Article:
I am the mother of a veteran of Iraq and Afghanistan. In the wake of Memorial Day, I wanted to tell you of hundreds of thousands of casualties from the wars, invisible wounds from post-traumatic stress disorder. At Fort Hood (a major feeder of troops cycled in and out of Afghanistan and Iraq) the staff predicts the problem will worsen with the continued wars.

At Fort Hood psychological counselors meet with 4,000 patients every month. The base counseling services are overwhelmed and many soldiers are referred off base.

In 2009, more than 7,000 Fort Hood soldiers were on antidepressant or antipsychotic medications.

As of last fall, there was only one social worker available at all of Fort Hood to handle cases of military sexual trauma.

When will we stop funding these wars, choosing instead to feed the 13 million American kids going to bed hungry?

Lionelle Hamanaka

Stop provoking smokers

To The Editor:

Re “Smokin’ Memorial Day” (Scoopy’s Notebook, June 2):

I was sitting off to the side with the other subversives and not bothering anyone. I’m usually very conscientious of other people’s feelings and concerns, overly polite, in fact.

It’s just so gross that every media outlet and newspaper has reporters going out and literally blowing smoke in people’s faces to get a story. What’s next? Stories where writers just start stabbing random people with a kitchen knife?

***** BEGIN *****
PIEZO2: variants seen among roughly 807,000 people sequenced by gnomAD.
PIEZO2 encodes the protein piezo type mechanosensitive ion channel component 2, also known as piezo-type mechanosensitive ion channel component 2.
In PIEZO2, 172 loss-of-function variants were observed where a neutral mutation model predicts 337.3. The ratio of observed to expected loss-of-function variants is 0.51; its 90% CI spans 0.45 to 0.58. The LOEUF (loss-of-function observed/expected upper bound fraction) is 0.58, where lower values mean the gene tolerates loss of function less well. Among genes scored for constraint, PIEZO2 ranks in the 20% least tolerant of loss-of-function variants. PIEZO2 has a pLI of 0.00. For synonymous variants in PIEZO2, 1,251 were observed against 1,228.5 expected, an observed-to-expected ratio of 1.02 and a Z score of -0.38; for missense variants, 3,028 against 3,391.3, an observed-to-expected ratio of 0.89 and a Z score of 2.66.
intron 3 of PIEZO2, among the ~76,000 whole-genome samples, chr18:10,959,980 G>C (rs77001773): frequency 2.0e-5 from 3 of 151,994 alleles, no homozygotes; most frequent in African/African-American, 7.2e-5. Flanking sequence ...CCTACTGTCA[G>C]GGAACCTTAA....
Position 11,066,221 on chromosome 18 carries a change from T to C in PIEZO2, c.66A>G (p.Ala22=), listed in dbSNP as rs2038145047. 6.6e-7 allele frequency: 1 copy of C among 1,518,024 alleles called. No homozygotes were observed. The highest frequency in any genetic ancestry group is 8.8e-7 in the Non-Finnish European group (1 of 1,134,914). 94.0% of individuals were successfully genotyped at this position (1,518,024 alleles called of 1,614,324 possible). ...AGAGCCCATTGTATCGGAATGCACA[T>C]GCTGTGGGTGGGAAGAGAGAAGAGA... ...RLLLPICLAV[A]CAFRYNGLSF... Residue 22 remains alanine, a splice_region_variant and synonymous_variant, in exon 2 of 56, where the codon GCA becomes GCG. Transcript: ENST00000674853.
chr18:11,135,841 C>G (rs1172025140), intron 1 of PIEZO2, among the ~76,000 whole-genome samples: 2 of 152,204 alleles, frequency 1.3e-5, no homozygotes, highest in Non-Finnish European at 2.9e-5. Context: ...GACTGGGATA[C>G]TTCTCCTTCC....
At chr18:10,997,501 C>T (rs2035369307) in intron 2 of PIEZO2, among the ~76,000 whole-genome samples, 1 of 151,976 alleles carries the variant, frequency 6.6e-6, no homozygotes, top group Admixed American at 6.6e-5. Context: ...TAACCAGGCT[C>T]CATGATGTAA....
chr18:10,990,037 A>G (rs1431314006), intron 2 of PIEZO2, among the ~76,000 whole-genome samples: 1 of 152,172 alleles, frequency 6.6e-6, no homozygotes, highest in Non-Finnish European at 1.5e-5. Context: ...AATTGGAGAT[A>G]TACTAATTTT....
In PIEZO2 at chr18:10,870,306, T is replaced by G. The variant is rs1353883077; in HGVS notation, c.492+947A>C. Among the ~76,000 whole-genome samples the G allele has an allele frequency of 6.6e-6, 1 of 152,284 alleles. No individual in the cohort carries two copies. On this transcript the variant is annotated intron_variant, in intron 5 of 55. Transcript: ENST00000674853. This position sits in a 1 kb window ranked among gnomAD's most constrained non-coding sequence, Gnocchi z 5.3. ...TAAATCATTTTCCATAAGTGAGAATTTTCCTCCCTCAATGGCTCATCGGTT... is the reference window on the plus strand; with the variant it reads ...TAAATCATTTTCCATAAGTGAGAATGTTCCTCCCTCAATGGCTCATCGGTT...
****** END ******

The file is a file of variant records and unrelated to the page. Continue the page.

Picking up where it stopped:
Some people do things in public parks and on beaches that cause me severe headaches. Let’s outlaw that first, O.K.? People don’t need another thing to fight about. Walk away. Stop stirring up trouble. Or else.

Dottie Wilson

It’s petition time again

To The Editor:

In order for a candidate to appear on the ballot for the September primary and/or November general election, such candidate must file designating party petitions containing signatures of voters with the New York City Board of Elections.

The petitioning period starts this week and continues until after July 4. The green-colored petitions signify Democratic candidates.

If a person stops you and asks you if you are a registered Democrat, and if so, to please sign the petition, that person is not prying — this is the election law in New York State. Your signature allows the candidate to run — it does not mean that you are supporting or voting for the individual or individuals at the election. Petitioning is a slow, tedious process and provides a way for the candidate to initially connect with you, the voter.

Please join in and help the electoral process. It just takes a moment to sign and is a first step for the candidates to qualify for a place on the ballot.

This year you will see petitions for Civil Court judges, district leaders, County Committee and judicial delegates and alternates. We look forward to seeing many of you during the next several weeks. Please stop and sign our petitions.

Louise Dankberg and Steven Smollens

Dankberg and Smollens are Democratic district leaders, 74th Assembly District, Part C, and members, Samuel J. Tilden Democratic Club